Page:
With iCloud, you can create shared family calendars that appear on your Mac and iOS devices. You can add anyone with an iCloud account to the calendar and they can view, edit and add events. This makes it easy for a family to stay organized. You get notifications when someone changes the calendar. You can create many of these calendars for different subjects or different groups of people to share. If someone does not have a Mac or iOS device, it may be easier to use a Google calendar instead, which can still be accessed in the same Calendar apps on Apple devices.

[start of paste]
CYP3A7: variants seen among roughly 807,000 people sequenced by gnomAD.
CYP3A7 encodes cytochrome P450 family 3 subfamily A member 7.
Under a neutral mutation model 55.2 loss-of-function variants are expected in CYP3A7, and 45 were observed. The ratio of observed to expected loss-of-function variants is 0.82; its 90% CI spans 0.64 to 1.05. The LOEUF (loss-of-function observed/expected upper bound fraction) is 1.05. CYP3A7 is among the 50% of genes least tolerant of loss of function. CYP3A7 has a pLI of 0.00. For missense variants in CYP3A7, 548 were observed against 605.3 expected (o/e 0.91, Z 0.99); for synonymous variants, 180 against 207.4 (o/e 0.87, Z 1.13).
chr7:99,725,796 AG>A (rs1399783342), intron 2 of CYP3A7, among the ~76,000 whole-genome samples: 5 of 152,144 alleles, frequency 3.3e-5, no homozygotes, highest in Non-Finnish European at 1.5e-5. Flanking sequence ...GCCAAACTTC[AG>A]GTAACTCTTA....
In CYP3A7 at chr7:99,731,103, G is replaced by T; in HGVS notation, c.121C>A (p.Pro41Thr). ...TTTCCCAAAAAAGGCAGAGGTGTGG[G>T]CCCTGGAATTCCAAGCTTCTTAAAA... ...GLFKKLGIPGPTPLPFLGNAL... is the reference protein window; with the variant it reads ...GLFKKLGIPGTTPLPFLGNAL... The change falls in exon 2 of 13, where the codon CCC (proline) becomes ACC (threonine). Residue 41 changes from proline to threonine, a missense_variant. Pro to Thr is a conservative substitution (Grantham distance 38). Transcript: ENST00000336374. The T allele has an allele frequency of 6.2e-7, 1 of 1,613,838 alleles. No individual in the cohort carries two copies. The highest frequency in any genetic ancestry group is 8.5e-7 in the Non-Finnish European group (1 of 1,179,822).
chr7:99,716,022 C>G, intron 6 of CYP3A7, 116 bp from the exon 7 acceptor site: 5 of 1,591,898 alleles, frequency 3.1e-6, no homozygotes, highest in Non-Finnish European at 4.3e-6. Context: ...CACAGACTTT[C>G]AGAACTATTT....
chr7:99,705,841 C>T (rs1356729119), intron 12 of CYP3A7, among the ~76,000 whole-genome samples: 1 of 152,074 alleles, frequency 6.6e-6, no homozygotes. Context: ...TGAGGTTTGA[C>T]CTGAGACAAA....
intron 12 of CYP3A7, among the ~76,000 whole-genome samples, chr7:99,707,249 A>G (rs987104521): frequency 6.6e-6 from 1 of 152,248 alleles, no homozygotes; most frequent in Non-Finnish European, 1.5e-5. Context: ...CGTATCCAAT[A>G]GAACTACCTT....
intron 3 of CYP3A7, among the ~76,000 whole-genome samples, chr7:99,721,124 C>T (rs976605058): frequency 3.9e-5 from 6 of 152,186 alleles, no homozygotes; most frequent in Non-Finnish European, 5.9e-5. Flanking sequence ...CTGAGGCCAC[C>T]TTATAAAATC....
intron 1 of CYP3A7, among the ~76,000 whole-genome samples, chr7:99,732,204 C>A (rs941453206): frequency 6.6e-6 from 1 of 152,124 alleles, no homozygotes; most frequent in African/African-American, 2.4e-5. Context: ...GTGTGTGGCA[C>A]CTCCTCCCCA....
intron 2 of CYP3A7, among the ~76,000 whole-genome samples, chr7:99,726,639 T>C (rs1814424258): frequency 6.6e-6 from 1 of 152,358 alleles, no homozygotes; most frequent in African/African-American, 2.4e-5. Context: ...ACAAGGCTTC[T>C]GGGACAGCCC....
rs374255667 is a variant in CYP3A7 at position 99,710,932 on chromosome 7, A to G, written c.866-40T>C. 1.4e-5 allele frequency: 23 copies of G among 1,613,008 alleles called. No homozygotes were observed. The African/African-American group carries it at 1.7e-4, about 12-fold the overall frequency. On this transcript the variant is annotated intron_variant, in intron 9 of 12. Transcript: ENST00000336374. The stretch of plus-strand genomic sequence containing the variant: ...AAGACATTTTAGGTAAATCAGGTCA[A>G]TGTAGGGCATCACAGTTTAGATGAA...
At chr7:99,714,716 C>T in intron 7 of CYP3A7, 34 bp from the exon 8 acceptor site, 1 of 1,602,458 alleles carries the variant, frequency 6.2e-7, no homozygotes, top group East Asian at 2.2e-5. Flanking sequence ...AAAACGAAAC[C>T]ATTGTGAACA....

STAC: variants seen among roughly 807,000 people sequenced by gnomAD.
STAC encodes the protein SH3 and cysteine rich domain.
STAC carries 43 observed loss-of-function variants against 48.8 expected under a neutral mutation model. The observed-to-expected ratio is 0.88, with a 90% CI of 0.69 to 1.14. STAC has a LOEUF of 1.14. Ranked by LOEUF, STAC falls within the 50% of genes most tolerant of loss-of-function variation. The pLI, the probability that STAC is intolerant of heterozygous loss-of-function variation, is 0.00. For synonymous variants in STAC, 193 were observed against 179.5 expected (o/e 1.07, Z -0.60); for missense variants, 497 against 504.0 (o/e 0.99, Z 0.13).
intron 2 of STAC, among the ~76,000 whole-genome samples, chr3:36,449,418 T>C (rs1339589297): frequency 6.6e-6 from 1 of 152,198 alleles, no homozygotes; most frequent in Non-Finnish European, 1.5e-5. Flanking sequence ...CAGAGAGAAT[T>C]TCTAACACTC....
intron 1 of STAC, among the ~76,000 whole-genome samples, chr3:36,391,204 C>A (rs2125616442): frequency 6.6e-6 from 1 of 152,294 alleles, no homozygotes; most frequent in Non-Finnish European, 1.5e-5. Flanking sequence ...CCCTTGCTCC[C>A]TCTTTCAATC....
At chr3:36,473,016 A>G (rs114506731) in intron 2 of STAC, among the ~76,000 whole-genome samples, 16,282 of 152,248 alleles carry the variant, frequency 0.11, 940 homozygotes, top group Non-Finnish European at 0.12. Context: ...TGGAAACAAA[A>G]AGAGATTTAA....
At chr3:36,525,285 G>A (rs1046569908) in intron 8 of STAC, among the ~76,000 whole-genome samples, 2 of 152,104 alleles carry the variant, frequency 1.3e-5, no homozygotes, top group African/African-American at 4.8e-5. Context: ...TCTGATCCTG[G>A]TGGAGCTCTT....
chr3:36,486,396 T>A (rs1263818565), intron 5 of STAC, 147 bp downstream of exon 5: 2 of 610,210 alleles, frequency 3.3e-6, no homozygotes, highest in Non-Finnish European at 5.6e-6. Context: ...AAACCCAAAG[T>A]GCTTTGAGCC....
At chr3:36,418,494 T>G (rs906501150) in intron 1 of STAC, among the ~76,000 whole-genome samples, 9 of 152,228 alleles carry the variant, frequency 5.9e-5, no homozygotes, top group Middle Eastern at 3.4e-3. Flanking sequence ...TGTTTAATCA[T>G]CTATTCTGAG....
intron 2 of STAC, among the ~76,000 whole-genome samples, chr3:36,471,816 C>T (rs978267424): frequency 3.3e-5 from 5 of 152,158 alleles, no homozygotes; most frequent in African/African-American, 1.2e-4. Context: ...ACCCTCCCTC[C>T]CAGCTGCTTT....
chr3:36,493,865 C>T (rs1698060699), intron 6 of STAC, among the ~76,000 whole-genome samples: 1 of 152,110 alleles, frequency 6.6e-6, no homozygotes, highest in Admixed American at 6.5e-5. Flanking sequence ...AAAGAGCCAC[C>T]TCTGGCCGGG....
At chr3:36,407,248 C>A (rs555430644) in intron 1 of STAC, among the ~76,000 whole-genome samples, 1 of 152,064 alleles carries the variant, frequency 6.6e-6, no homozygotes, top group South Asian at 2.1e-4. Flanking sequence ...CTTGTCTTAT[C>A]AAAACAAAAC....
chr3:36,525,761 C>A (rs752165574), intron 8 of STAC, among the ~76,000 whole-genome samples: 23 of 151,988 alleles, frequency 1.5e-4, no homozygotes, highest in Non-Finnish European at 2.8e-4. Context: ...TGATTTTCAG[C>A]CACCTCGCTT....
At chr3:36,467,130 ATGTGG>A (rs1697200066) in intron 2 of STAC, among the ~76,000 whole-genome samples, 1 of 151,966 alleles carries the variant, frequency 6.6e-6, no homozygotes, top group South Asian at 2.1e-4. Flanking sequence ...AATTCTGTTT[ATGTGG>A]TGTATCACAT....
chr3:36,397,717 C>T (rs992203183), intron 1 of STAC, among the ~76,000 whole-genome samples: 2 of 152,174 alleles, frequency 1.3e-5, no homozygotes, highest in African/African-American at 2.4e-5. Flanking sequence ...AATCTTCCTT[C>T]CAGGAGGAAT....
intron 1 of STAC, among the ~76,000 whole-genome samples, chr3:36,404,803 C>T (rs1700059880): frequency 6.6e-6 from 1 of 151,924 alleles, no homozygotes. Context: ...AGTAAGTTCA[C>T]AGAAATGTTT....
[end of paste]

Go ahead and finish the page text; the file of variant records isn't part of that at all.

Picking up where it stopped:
When setting up and event in Calendar, you would normally assign a time. But what if you travel between time zones? You'll need to enable Calendar's time zone support feature. Then you need to consider questions like, do you set the event for the current time zone, or the one where you will be when the event takes place?
You can use a Google Calendar on Mac or your iOS device just as easily as you can use an iCloud calendar. There is no need to 'sync' between them as using one or the other is all that is needed. Google Calendars can be shared between your Mac, iOS, Android and Windows devices.
The OS X Finder offers simple options to compress video and audio files. You can use this to quickly re-compress these files before archiving them or sending them to others. These simple functions only work with some file types and offer limited options.